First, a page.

Why do Argentineans blame Messi when they lose

Argentina crashed out of the 2018 World Cup. It's not Messi's fault.

Lionel Messi.

For days now I have been thinking about how to sum up the passion that football represents in Argentina. The World Cup usually increases this and it is normal to hear: “It doesn’t count if you only watch football on the World Cup.” Meaning: you are not a true fan if you do not support a team, or a player the rest of the year.

It is difficult to represent that passion in a country where every time Boca Juniors or River Plate wins on a Sunday, the average daily newspaper sale is 20% higher on a Monday; where the president started his public life as a president of a football club (the same Boca); where away fans were banned from attending matches for three years; and where hooligans are involved in politics. That’s just a few peculiarities of Argentine football.

And suddenly, out of the blue, it dawned on me that we, as a society, judge our men’s national football team the same way we judge the political management of our country. In each case, the scrutiny come every four years and the one to take the blame is the charismatic leader.

Football is really teamwork, but we blame or praise one player for a loss or a win. The same happens with governance. Whenever the charismatic leader appears, he or she acts as a messianic agent, who is seen as the only natural leader, with the right to rule and the only one qualified to govern and save the team or the country. When they fail, the people shout for their head.

However, nobody considers that behind that person there is a system, with its own actors, mechanisms, failures and histories. Nobody in a government take all the decisions, but we blame the president. Nobody in a team competition take all the decisions, but we blame Lionel Messi.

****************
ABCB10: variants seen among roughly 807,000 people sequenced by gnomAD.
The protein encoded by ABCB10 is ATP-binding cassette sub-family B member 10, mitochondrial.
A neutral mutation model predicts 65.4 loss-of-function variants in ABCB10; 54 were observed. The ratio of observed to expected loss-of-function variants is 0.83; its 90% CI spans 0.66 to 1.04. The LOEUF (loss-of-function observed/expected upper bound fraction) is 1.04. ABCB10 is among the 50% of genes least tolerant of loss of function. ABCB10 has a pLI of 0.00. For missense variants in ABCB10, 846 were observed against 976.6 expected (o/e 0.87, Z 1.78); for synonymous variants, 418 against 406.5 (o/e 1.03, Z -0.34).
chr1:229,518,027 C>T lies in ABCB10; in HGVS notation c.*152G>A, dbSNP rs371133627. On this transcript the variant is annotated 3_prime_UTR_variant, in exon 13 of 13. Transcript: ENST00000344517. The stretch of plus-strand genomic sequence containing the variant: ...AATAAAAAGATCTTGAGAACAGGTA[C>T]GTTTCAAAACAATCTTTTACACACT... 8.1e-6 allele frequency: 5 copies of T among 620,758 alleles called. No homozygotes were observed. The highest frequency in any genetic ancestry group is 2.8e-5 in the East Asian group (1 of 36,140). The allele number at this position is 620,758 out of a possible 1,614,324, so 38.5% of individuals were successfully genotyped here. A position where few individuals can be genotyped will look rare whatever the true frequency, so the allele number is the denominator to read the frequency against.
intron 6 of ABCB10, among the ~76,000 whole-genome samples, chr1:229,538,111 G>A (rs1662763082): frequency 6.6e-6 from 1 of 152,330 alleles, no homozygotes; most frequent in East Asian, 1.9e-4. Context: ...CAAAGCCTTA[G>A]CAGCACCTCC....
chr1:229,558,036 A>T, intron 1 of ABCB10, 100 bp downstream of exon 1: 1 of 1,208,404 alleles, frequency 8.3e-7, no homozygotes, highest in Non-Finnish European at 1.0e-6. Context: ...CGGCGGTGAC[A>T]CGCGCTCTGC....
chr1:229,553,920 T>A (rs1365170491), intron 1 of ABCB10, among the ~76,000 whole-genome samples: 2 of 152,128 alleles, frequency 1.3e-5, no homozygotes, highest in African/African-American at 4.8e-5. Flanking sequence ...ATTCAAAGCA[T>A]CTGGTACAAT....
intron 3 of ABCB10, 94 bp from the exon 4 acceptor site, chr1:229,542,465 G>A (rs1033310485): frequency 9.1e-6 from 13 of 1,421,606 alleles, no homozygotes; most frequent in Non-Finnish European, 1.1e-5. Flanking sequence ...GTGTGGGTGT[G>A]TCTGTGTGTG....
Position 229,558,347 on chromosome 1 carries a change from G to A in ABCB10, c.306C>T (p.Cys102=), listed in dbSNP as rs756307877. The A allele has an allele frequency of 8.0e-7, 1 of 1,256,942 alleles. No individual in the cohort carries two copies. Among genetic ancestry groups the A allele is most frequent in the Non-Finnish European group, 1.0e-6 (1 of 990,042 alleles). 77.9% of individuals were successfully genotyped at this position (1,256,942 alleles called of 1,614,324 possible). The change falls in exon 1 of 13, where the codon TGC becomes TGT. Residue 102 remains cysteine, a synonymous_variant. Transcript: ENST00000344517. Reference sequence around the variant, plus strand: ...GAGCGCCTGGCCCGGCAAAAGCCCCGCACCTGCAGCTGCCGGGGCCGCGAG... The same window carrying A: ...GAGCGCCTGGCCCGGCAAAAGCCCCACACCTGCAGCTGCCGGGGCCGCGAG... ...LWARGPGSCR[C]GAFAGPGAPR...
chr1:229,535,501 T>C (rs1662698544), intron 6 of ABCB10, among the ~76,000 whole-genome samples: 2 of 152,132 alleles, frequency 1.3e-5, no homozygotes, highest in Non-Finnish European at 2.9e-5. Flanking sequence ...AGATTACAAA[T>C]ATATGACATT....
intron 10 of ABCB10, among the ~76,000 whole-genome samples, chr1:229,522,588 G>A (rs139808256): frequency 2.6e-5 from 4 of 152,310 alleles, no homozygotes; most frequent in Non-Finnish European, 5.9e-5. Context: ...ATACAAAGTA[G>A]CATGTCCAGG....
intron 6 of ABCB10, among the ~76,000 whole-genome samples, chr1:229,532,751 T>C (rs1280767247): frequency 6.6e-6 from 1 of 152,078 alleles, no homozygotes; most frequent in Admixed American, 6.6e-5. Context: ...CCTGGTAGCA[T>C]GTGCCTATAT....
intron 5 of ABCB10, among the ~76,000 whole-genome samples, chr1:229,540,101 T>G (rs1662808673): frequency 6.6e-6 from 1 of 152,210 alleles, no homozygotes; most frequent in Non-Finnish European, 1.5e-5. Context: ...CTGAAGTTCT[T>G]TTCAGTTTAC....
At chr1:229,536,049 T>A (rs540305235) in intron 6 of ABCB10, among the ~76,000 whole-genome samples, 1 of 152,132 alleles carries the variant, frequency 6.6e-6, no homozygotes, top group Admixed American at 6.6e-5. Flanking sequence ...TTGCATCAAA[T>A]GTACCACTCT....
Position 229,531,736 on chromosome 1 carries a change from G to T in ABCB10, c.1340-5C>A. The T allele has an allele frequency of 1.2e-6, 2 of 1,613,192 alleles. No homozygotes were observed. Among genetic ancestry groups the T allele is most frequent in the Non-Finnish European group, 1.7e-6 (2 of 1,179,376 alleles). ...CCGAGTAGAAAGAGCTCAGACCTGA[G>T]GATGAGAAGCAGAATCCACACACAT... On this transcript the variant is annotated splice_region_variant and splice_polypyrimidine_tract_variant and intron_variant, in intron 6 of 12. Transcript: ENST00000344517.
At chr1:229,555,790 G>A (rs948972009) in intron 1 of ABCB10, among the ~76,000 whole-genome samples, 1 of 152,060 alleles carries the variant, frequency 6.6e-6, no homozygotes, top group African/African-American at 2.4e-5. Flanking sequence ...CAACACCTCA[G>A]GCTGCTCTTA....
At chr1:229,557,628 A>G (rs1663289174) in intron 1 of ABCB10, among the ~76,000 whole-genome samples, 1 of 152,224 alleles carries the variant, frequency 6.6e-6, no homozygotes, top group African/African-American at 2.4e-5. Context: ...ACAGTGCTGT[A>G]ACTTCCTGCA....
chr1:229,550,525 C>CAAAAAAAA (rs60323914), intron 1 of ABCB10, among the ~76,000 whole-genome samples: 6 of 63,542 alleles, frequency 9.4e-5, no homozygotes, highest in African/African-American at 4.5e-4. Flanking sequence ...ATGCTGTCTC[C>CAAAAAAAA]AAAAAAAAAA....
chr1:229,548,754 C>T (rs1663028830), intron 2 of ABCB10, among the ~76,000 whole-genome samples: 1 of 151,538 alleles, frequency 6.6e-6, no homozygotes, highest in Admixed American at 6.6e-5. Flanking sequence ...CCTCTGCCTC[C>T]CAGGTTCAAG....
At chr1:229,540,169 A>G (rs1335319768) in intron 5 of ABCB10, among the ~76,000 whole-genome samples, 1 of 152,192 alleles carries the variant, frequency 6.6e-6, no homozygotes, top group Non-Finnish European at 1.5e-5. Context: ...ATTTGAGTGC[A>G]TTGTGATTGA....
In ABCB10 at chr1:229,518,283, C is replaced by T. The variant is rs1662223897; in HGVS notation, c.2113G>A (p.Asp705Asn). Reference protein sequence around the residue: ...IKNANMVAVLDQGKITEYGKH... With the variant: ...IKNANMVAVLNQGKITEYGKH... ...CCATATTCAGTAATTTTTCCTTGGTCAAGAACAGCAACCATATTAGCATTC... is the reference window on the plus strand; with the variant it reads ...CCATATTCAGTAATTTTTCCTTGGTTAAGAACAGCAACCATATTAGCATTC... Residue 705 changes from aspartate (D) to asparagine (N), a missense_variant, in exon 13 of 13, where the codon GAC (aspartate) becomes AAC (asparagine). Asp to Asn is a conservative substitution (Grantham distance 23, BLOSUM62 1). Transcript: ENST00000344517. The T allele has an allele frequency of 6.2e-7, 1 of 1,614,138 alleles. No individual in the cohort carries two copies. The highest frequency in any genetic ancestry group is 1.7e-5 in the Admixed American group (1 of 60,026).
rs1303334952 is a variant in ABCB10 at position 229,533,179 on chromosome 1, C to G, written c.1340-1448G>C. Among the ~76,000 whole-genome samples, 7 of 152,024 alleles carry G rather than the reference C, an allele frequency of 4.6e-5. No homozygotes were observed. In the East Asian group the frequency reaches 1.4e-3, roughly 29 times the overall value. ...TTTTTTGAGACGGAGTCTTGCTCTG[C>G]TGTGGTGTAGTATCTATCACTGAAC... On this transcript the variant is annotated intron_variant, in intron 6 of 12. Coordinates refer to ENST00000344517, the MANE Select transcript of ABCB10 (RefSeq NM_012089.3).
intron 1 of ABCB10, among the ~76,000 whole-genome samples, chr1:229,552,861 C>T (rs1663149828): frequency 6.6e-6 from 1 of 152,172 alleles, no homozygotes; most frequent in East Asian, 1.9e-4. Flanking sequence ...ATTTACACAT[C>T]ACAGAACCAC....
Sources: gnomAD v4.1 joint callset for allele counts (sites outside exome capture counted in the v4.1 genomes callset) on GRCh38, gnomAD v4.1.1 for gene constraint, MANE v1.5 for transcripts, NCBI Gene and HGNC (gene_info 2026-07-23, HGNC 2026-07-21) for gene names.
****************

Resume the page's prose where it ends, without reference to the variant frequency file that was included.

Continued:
In Argentina that system has not worked for a long time, whether in politics and in football.

For one, the people running football in Argentina are not “new” or reformers. For a long time the national football association, the AFA, was run by Julio Grondona. He also served as FIFA finance committee chairman during Sepp Blatter’s corrupt administration there. In 2014, Grondona passed away. His successor was ousted when he was charged with fraud. The subsequent election of a new AFA president in 2015 ended in controversy when it emerged an extra vote was cast by those present. The eventual winner, Claudio Tapia, is the son-in-law of Hugo Moyano, the president of one of the country’s largest trade unions. Moyano just happens to be the AFA treasurer. Then, our best players play for European (or Chinese) clubs, winning club championships there, but they don’t know each other as a team. A combination of violence, money, politics and sport diplomacy has a lot to do with Argentina being knocked out of 2018 World Cup. But we blame Messi.

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